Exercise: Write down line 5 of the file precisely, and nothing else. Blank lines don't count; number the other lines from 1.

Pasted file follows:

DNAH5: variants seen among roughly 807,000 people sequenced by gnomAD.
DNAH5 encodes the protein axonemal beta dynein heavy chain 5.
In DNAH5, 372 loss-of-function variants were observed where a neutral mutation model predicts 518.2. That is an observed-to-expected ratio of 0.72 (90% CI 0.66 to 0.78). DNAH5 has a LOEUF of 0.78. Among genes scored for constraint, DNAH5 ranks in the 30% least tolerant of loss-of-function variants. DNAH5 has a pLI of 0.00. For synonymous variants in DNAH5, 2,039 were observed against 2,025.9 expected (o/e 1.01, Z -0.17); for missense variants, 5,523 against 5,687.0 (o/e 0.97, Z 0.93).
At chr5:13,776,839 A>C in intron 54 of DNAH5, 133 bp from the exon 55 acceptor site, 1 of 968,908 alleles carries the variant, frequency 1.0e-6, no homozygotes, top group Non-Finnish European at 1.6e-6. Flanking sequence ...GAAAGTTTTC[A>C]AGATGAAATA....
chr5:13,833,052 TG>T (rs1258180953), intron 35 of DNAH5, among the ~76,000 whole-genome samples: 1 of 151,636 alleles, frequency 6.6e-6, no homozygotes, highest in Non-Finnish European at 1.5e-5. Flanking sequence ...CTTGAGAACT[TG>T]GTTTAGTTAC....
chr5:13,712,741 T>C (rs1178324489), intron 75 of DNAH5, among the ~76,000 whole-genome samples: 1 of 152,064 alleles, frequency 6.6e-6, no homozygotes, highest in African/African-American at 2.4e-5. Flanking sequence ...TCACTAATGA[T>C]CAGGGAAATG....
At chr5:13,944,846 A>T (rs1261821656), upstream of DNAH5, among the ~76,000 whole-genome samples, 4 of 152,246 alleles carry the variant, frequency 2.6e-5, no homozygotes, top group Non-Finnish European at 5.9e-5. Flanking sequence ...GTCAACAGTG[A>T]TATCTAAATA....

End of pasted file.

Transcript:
chr5:13,833,052 TG>T (rs1258180953), intron 35 of DNAH5, among the ~76,000 whole-genome samples: 1 of 151,636 alleles, frequency 6.6e-6, no homozygotes, highest in Non-Finnish European at 1.5e-5. Flanking sequence ...CTTGAGAACT[TG>T]GTTTAGTTAC....